Monday, December 03, 2007

Xbox and the future of the social animal

Imagine a place that mixed Facebook, World of Warcraft, Second Life, podcasting, video, Twitter and Skype.

Such a place would be a magnet for already huge and seriously interactive communities online.

Such a place would be of interest to Chris Kimble, David Grimshaw and Paul Hildreth who have already shown that the online context is important.

What I am suggesting is context that would be hyper rich and more important that other places to go.

Such a rich environment would be very important because, as Elizabeth Shove, and Alan Warde at Lancaster University note, social theorists maintain that ‘people define themselves through the messages they transmit to others through the goods and practices that they possess and display. In an environment of games, avatars and Facebook-like display added to a wide range of channels for spoken, music, video as well as text communication, people will be able to satisfy their deeply embedded human needs online like never before.

That is why I think that the Microsoft announcement a couple of weeks ago is so important.

Microsoft is to add a social network element to Xbox. It potential offers a mix and match of sensations that are now only speculative.

This has the potential to mash the real and virtual person in a fashion we are not really prepared for.

People, that's us, manipulate and manage appearances and thereby create and sustain a ‘self-identity’ as part of their need to be effective as social animals. Its part of our DNA.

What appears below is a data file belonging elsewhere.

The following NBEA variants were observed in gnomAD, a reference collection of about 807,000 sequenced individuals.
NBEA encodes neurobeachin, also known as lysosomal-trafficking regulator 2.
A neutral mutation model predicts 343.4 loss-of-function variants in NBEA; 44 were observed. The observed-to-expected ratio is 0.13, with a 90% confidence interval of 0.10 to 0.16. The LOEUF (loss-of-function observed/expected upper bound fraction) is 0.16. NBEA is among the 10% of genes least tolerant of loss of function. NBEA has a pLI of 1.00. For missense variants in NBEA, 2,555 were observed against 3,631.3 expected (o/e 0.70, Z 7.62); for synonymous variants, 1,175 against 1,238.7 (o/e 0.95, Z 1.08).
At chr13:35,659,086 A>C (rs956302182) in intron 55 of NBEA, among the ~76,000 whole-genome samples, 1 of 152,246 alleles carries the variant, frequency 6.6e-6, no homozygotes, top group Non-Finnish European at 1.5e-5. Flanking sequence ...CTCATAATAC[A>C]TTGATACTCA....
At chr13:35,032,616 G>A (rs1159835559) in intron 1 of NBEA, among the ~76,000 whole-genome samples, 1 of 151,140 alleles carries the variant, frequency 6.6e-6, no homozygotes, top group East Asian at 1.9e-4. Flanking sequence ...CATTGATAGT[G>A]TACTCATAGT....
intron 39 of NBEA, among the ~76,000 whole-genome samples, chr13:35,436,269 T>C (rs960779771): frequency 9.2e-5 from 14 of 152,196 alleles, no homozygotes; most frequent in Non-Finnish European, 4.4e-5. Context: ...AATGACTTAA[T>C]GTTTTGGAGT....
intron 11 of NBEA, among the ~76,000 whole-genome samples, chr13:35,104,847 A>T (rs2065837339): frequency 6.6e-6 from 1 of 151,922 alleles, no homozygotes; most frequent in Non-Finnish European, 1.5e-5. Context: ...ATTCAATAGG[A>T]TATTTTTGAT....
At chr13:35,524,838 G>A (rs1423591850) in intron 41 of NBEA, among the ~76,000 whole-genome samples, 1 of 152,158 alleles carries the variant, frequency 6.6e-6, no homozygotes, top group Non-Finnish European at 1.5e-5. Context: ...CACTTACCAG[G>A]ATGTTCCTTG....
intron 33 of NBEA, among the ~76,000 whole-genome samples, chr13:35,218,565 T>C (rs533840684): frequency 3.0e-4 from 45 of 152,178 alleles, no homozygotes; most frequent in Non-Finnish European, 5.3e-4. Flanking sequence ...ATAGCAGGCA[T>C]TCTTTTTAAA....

This is part of the evolution of the human species.

These new developments offer a real and virtual combination.

In an answer to the question: "What sort of person is s/he?" will shortly be answered in terms of a combined real and virtual lifestyle or visible attachment to groups rather than by personal virtues or characteristics alone and on a globally networked scale.

In such an environment, the many selves and the picture of the world we modify through inputs from our senses hark back to Featherstone who in 1991 reflected upon the tendency for the same individual to seek to present him or herself on different occasions in two or more ways, as bohemian and conventional or as romantic or formal and now, as the internet evolves, there a possibility to do so in many manifest ways in hyper virtual worlds.

It is an extension of a not uncommon practice we have see online for a couple of decades but now it will be much more dramatic, entertaining, emotionally absorbing and above all infective across the whole online experience.

This is futureology, guess work and musings.

Why would people do this? Why should sane people spend hours gazing at a computer screen? Why should people be engrossed in blogs, social networks and games?

There is a deep itch in our human make up that make such activities compelling. In our millions we already do it. But add even greater richness – a step change as great as from Newsgroups to blogs, to MySpace to Second Life and it seems that such change is inevitable.

Perhaps the big question for us now, is: dare we think of such things and be, just a little prepared, - well - Just in case.